Change - Strategic Facilitationby Tony Mann
‘Red’ and ‘green’ thinking and strategic facilitation
Whenever the principles explained in this topic are cascaded across an organisation, one of the concepts that managers should be taught is ‘red’ and ‘green’ thinking and the difference between the two. Somehow, by giving them colours, people recognise them as different and begin to realise that they are both important and both depend on each other. You cannot deploy strategic process without an appropriate change agenda and you need strategic process to tackle a difficult scenario (change agenda).
Understanding change agenda and strategic process
CHANGE AGENDA = what we want to achieve
(identified as ‘red’)
STRATEGIC PROCESS = how we go about achieving it
(identified ad ‘green’)
therefore there are
change agenda ‘plans’
strategic process ‘methods’
This symbiotic relationship between change agenda and strategic process is crucial if the organisation is to achieve effective outcomes. The change agenda needs to be clearly articulated and the strategic process needs to be designed and applied to ensure a good result.
Good strategic facilitators, who understand strategic process, will use the most appropriate strategic process model to tackle the change agenda. This ensures that it will be fit for purpose. It is a crime against good sense to bring in pieces of strategic process that have been used elsewhere, but which do not fit the change agenda, no matter how good they look or how much you may like them. Imagine our factory manager being offered pieces of machinery that had been used to make cars and being told to make bread with them!
The connection is shown in the diagram below, which shows the link between ‘red’ and ‘green’ thinking.
The diagram illustrates the sequence of developing a planned approach to a change agenda: as each change agenda (red) is identified, it is linked to strategic process (green). Note that strategic process is the combination of model/tools and format.
So from now on in this topic, reference will be made to ‘red’ and ‘green’ thinking. This leads to another principle. There needs to be clarity between the two – between red and green. Ideally, as in manufacturing, the two would run in parallel. However, in a manufacturing plant, the managers monitor the strategic process and that takes care of the production. In the management of change (production), however, the issues vary; they present themselves differently each time, and they require different applications of green thinking. This is where we get the concept of ‘strategic facilitation’. It is the strategic facilitator who monitors and oversees the strategic process, the green thinking. It is they who suggest strategic process and offer it to the organisation. In an organisation that was effective at managing change and delivering projects, the combination of red and green would be conceived and delivered very well.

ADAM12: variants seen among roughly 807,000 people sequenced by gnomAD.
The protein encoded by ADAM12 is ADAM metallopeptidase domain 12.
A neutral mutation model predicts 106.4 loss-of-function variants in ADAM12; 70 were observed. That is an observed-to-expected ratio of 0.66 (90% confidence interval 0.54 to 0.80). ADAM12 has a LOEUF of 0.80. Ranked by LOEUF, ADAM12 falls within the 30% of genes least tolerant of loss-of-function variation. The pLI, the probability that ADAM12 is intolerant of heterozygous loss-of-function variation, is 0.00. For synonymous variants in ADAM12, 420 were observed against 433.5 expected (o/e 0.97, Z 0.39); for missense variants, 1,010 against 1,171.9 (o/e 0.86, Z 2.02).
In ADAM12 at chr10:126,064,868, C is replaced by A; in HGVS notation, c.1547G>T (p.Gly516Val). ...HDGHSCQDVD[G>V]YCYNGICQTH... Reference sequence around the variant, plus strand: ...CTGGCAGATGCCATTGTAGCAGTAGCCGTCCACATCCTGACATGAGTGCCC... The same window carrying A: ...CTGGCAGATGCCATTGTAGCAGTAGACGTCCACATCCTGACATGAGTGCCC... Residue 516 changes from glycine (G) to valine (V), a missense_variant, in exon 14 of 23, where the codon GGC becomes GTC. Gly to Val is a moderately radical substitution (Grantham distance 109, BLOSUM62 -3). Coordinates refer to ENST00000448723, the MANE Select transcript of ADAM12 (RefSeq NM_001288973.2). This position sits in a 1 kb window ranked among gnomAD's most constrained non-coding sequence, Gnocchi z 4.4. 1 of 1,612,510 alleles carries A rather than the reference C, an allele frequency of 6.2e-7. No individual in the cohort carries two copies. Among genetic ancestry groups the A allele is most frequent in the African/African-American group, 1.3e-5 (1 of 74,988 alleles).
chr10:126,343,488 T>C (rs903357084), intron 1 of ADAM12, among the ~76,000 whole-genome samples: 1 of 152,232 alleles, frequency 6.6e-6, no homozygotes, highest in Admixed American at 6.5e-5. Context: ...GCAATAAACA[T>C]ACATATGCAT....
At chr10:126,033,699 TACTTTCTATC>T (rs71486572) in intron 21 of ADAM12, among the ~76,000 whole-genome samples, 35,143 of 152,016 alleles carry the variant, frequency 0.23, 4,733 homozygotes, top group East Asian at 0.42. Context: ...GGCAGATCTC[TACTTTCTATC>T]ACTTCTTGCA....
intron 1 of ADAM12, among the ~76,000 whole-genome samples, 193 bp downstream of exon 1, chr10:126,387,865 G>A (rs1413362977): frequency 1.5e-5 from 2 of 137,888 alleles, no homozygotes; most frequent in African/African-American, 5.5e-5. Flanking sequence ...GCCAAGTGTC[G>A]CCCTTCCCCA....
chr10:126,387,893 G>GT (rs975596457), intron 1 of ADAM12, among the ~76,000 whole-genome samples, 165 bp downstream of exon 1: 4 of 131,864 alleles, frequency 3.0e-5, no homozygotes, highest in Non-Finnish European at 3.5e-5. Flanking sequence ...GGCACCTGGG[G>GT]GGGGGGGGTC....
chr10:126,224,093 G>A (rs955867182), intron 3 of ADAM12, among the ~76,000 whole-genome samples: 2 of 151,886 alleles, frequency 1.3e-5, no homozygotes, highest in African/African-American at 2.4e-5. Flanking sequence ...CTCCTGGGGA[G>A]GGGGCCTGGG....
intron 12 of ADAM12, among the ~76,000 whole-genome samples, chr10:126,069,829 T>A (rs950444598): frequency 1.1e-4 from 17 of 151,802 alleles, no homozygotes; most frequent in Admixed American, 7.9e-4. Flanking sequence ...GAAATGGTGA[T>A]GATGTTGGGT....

Therefore, the strategic facilitator is a green person: they are concerned with selecting the strategic process to go with the change agenda. Managers and leaders can find it difficult to keep swapping from red to green thinking and often it is better, when there is a complex change scenario, to have someone who is committed to green thinking and focuses on that and that alone.
This leads us to the next principle – the strategic facilitator should not get involved in the red change agenda. They will, of course, consider it when they are proposing strategic process, but, as a principle, a strategic facilitator is there purely in a green capacity.
CHANGE AGENDA + CHANGE MANAGEMENT LEADER
STRATEGIC PROCESS + STRATEGIC FACILITATOR
Their respective roles are therefore
change agenda plan
strategic process approach